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The choices we make: a ‘sliding doors’ moment

By David Peetz - posted Wednesday, 16 July 2014

In 1987 Wolfgang Streeck wrote of how the great ‘uncertainty of management’ was dealing with the ‘management of uncertainty’. Managers have responded – to the volatility of the product markets in which they sell and the financial markets in which their equity and debt are nested – by a range of strategies, some consistent, many contradictory.

Chief among the consistent strategies is the search for greater flexibility. You hear a lot about employers offering greater flexibility for employees – more choice in their start or finishing times, perhaps in their total hours. This is in response to demands from employees themselves – more on that later.

But the principal form of flexibility is the flexibility by employees that employers seek, to help employers manage – and shift – their own risk. Sometimes they seek ‘functional’ flexibility – getting employees to take on multiple and quite different tasks and hence skills. Sometimes they seek ‘numerical’ flexibility, meaning that the number of workers, or the number of hours they work, or maybe even their pay rates, move up and down according to the needs of the enterprise.


For a long time, greater numerical flexibility was seen as an unequivocal plus, creating greater stability, or at least resilience, in labour markets. Governments were encouraged, including by bodies like the Organisation for Economic Cooperation and Development (OECD), to remove restrictions on hours and on hiring and firing, and to attempt to emulate the most flexible of them all – the US labour market, where employers hire and fire ‘at will’. Then the global financial crisis came along, and although Europe experienced a greater fall in economic activity than the USA, it was America that suffered the greater fall in employment. In its biggest test, the theory failed spectacularly. The OECD was having misgivings even before then; after the crisis it recommended governments improve income support and unemployment insurance benefit systems, which it had previously said would decrease flexibility.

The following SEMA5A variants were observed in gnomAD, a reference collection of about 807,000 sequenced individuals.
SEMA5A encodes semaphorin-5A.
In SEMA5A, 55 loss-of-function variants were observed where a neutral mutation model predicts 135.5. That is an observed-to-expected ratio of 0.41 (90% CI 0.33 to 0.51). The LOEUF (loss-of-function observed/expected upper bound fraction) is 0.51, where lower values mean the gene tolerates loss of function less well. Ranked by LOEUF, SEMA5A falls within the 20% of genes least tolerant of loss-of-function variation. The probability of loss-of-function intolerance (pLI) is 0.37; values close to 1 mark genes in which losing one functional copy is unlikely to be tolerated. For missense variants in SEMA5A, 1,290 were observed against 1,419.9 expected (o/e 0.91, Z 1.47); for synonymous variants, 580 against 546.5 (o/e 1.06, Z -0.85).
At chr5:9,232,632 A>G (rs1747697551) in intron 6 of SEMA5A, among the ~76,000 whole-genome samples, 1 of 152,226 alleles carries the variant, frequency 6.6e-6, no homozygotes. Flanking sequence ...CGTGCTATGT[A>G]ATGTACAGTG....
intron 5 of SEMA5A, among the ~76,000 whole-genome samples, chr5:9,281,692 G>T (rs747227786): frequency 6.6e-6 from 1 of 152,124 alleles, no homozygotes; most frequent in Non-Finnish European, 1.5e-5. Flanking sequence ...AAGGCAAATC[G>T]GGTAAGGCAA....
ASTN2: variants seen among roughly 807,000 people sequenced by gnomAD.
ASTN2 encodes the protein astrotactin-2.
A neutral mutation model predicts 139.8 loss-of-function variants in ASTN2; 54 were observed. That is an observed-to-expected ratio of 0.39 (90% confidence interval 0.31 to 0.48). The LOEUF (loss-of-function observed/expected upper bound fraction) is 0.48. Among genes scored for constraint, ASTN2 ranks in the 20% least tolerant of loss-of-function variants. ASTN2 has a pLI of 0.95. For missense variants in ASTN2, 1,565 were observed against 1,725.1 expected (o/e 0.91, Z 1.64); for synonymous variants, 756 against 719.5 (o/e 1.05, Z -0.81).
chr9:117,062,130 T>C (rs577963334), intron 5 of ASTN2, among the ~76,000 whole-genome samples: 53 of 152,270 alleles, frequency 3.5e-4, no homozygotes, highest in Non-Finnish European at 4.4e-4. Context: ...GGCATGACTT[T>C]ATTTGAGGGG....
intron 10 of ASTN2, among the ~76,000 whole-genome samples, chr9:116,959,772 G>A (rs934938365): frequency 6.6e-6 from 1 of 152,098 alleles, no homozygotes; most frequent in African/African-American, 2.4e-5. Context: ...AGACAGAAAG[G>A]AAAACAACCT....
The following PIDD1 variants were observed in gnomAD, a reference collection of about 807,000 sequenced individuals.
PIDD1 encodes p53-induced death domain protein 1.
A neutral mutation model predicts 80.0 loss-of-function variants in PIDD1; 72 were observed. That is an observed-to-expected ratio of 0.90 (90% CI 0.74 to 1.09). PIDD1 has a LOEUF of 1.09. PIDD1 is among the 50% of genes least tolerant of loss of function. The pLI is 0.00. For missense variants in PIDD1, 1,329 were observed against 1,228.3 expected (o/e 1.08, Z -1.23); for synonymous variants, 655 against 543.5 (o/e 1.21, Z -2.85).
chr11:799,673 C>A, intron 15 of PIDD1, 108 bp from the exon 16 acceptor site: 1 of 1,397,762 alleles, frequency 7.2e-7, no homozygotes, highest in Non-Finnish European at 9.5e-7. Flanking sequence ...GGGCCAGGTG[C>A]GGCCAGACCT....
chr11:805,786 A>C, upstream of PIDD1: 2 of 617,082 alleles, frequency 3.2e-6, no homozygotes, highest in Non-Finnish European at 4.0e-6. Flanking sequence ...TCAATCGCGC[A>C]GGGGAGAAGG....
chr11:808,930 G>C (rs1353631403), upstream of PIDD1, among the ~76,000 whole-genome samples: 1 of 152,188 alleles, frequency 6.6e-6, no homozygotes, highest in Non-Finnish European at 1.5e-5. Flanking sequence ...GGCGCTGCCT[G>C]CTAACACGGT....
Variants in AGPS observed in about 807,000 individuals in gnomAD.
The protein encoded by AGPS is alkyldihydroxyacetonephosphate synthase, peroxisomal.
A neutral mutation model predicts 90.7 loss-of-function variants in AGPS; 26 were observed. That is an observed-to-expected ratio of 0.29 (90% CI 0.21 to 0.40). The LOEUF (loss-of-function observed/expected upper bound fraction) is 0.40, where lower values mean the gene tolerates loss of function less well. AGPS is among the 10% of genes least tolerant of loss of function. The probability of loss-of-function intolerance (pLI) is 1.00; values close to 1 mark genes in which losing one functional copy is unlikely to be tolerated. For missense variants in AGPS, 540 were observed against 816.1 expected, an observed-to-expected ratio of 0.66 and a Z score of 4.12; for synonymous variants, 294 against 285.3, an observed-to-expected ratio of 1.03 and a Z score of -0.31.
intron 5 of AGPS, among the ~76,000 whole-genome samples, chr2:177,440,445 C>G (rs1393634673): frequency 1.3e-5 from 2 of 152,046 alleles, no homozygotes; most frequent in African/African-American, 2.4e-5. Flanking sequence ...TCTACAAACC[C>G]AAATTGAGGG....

Alongside greater flexibility came the urge for control. But how? On the one hand, employees were demanding more voice at work and more control over their working lives. The decline of unions meant that, for many, an obvious mechanism for voice was no longer there. Some technologies inherently gave greater discretion to employees using those technologies. A case study by James R. Barker showed that employees were often more effective at exerting control over the behaviour of fellow employees, and extracting maximum effort, than were their supervisors. So, many employers gave employees greater control over their work.

But it is oh so hard for managers to ‘let go’. The urge for control is human. How can you justify those big bucks if the workers themselves are in charge? And other technologies gave the opportunity to micromanage employees – in particular, to dictate their time. Swipe cards could tell warehouse bosses just how long their workers were taking to move a palette of cans from shelf to truck. Monitors could tell call centre bosses how many seconds ‘customer service representatives’ were pausing between calls, or taking to go to the toilet. Barcode readers could tell supermarket managers how long shop assistants took to process a trolley of groceries. All could be used to tell staff, ‘Work more! Work faster!’ So, many employers gave employees lesscontrol over their work.